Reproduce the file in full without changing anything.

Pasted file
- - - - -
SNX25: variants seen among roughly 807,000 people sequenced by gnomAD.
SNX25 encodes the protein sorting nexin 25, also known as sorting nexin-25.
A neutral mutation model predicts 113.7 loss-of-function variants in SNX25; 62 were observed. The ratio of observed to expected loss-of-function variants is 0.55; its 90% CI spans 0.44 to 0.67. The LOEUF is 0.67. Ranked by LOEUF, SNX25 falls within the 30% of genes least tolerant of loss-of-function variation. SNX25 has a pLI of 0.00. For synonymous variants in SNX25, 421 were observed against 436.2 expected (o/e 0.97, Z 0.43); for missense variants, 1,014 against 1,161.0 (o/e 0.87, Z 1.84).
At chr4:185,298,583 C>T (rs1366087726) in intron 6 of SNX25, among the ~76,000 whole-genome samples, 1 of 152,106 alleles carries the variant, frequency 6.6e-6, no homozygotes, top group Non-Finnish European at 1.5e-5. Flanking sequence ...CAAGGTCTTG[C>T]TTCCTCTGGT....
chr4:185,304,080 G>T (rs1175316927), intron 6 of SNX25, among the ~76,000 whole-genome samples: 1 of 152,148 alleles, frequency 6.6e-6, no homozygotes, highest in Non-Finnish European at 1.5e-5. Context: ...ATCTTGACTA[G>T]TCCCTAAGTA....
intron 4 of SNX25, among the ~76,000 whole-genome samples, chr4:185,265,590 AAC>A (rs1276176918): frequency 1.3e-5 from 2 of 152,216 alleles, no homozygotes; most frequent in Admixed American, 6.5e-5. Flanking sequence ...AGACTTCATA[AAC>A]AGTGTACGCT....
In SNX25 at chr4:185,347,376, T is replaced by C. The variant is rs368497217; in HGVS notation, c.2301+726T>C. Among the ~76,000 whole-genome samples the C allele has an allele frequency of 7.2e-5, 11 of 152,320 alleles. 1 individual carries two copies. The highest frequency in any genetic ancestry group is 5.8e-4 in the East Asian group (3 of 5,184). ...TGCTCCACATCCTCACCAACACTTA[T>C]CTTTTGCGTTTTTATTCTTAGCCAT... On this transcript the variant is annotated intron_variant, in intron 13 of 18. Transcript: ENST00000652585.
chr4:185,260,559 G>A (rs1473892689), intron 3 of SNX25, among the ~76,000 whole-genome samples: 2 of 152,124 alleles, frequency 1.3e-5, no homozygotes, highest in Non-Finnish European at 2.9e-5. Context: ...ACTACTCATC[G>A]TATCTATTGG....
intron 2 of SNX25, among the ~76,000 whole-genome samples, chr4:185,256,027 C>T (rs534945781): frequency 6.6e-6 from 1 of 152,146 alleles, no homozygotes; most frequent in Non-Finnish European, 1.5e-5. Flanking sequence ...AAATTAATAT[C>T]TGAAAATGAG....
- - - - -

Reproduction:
SNX25: variants seen among roughly 807,000 people sequenced by gnomAD.
SNX25 encodes the protein sorting nexin 25, also known as sorting nexin-25.
A neutral mutation model predicts 113.7 loss-of-function variants in SNX25; 62 were observed. The ratio of observed to expected loss-of-function variants is 0.55; its 90% CI spans 0.44 to 0.67. The LOEUF is 0.67. Ranked by LOEUF, SNX25 falls within the 30% of genes least tolerant of loss-of-function variation. SNX25 has a pLI of 0.00. For synonymous variants in SNX25, 421 were observed against 436.2 expected (o/e 0.97, Z 0.43); for missense variants, 1,014 against 1,161.0 (o/e 0.87, Z 1.84).
At chr4:185,298,583 C>T (rs1366087726) in intron 6 of SNX25, among the ~76,000 whole-genome samples, 1 of 152,106 alleles carries the variant, frequency 6.6e-6, no homozygotes, top group Non-Finnish European at 1.5e-5. Flanking sequence ...CAAGGTCTTG[C>T]TTCCTCTGGT....
chr4:185,304,080 G>T (rs1175316927), intron 6 of SNX25, among the ~76,000 whole-genome samples: 1 of 152,148 alleles, frequency 6.6e-6, no homozygotes, highest in Non-Finnish European at 1.5e-5. Context: ...ATCTTGACTA[G>T]TCCCTAAGTA....
intron 4 of SNX25, among the ~76,000 whole-genome samples, chr4:185,265,590 AAC>A (rs1276176918): frequency 1.3e-5 from 2 of 152,216 alleles, no homozygotes; most frequent in Admixed American, 6.5e-5. Flanking sequence ...AGACTTCATA[AAC>A]AGTGTACGCT....
In SNX25 at chr4:185,347,376, T is replaced by C. The variant is rs368497217; in HGVS notation, c.2301+726T>C. Among the ~76,000 whole-genome samples the C allele has an allele frequency of 7.2e-5, 11 of 152,320 alleles. 1 individual carries two copies. The highest frequency in any genetic ancestry group is 5.8e-4 in the East Asian group (3 of 5,184). ...TGCTCCACATCCTCACCAACACTTA[T>C]CTTTTGCGTTTTTATTCTTAGCCAT... On this transcript the variant is annotated intron_variant, in intron 13 of 18. Transcript: ENST00000652585.
chr4:185,260,559 G>A (rs1473892689), intron 3 of SNX25, among the ~76,000 whole-genome samples: 2 of 152,124 alleles, frequency 1.3e-5, no homozygotes, highest in Non-Finnish European at 2.9e-5. Context: ...ACTACTCATC[G>A]TATCTATTGG....
intron 2 of SNX25, among the ~76,000 whole-genome samples, chr4:185,256,027 C>T (rs534945781): frequency 6.6e-6 from 1 of 152,146 alleles, no homozygotes; most frequent in Non-Finnish European, 1.5e-5. Flanking sequence ...AAATTAATAT[C>T]TGAAAATGAG....